Those two factors help encourage time to think and focus. I love that, and I’m looking forward to seeing what the next few months bring as I get to dig into some projects here.

  • Moving to Automattic

    Tomorrow I’ll be starting a new job at Automattic as a Product Designer. I’m both excited and reflective as I think about what’s ahead in 2019 and beyond.

    For the past 3 1/2 years I’ve worked full-time at XWP. I started as a Team Lead, then brought the role of Product Owner (while learning it along the way) to the company in 2016. For the past two years I’ve led the company in bringing user experience design and product design to the projects we took on.

    I’ve been able to work with some amazing teams in the enterprise WordPress space as a part of XWP. This has included working with Google on the AMP plugin for WordPress, as well as AMP Stories, working with Beachbody on Demand to help build a new CMS experience for their editorial team, and some amazing engagements with clients such as PMC, News Corp Australia, and more. I’m thankful for the whole team at XWP and the great times!

    At the same time I’ve also been able to contribute to the WordPress project (thanks in part to XWP supporting my time), co-leading the 4.9.8 point release of WordPress, speaking at a number of WordCamps, supporting where I could on Gutenberg and other projects, and becoming a Team Rep for the design team.

    During this time I’ve been at a completely distributed company. I live in Northern Idaho. My wife and I have two little children, and we’ve been able to live our lives in a way that maximizes time spent with friends and family. Since my daughter was born (she’s almost two years old) I’ve been able to spend so much time with her and watch her grow. That’s a gift and one I’m so thankful to have a job that’s allowed me to do.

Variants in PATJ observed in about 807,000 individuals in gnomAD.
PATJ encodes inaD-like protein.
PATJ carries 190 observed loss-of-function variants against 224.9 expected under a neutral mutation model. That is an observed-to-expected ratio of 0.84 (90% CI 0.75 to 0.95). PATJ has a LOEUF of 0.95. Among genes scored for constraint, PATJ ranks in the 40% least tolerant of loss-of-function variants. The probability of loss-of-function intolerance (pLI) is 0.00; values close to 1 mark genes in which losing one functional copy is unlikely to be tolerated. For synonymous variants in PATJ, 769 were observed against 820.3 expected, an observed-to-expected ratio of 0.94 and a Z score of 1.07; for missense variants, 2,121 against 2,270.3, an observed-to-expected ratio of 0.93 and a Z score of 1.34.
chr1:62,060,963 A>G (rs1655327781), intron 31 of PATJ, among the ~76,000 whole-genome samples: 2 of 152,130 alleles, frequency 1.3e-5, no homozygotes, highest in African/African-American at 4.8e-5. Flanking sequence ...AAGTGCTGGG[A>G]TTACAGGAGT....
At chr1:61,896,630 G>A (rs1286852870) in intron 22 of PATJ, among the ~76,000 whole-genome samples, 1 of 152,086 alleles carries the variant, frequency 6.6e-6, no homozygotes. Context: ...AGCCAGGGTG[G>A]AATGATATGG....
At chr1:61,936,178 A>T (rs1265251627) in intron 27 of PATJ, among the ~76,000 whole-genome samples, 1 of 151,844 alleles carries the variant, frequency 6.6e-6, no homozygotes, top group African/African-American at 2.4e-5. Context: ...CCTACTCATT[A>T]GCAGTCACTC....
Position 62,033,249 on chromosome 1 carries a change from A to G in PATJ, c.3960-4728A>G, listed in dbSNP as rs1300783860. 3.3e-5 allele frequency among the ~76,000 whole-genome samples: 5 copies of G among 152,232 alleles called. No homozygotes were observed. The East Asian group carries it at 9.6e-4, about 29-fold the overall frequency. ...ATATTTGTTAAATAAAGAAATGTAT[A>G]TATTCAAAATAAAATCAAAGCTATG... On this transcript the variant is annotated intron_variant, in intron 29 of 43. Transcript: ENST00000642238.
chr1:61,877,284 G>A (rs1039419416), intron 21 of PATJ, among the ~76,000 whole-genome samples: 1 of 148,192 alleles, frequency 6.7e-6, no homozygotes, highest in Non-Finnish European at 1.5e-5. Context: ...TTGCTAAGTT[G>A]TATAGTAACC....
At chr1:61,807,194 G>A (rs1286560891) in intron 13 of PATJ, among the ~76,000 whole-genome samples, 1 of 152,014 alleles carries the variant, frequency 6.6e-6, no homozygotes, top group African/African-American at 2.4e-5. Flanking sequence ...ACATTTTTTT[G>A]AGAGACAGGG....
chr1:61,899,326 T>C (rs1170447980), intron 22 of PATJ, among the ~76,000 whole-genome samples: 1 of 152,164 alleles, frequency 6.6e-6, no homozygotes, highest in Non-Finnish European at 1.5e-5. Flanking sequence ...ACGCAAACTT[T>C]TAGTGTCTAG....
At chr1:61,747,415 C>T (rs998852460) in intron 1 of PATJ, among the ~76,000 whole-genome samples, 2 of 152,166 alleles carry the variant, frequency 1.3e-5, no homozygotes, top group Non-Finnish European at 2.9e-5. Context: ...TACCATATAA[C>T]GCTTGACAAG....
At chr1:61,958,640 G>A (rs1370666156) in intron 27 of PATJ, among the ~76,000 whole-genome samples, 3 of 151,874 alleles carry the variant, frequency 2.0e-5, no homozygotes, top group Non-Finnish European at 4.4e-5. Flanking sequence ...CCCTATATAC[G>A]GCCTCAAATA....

Now, I’ve decided to take the next step and move more into Product Design in a way where I can focus on learning and working on projects at scale. The folks at Automattic have been amazing to work with so far (everyone who joins the team has to take a trial project), and I’ll have opportunity to learn alongside an amazing team of designers and developers.

    Here’s to the future!

  • Why design matters in your team

    Over the past few years I’ve been privileged to work with some amazing designers and engineers! When you can bring design and engineering together in a true partnership, great things can happen. If either of them are treated as second class citizens, you’ll fall into deep ditches that can sink teams and companies.

    “Without a person at or near the helm who thoroughly understands the principles and elements of design, a company eventually runs out of reasons for design decisions. Without conviction doubt creeps in, instincts fail. When a company is filled with engineers it turns to engineering to solve problems, reduce each decision to a simple logic problem, remove all subjectivity and just look at the data. Data in your favor? Ok, launch it. Data shows negative effects? Back to the drawing board. And that data eventually becomes a crutch for every decision.” – Creative Selection

  • iPad Pro in 2019

    Since January 2017 I’ve been an iPad Pro user. For a short period I even made it my primary computer.

    It’s become one of the most important tools I have as a Product Designer. Each week I use it to create sketches during the research and conceptual stages of a project.

    There are some situations where my MacBook Pro is better as a tool, and other times I prefer my iPhone or iPad.

    I’ve tried the 9.7″, 10.5″, 11″, and 12.9″ iPads. Each time I return to the largest screen size. Anything smaller doesn’t work for me. Mainly I choose the bigger screen because I don’t have to zoom in and out of the paper when I’m sketching. Having a larger canvas helps me spend more time concepting and designing.

    Following are the reasons I love my iPad.

    As a sketching device

    Before owning an iPad I sketched a lot with paper and pen. Now I have a digital piece of paper with copy+paste, as well as resize and layering.

    This doesn’t mean paper and pen are obsolete. There are still times I need to step away from all electronics and scribble away on paper.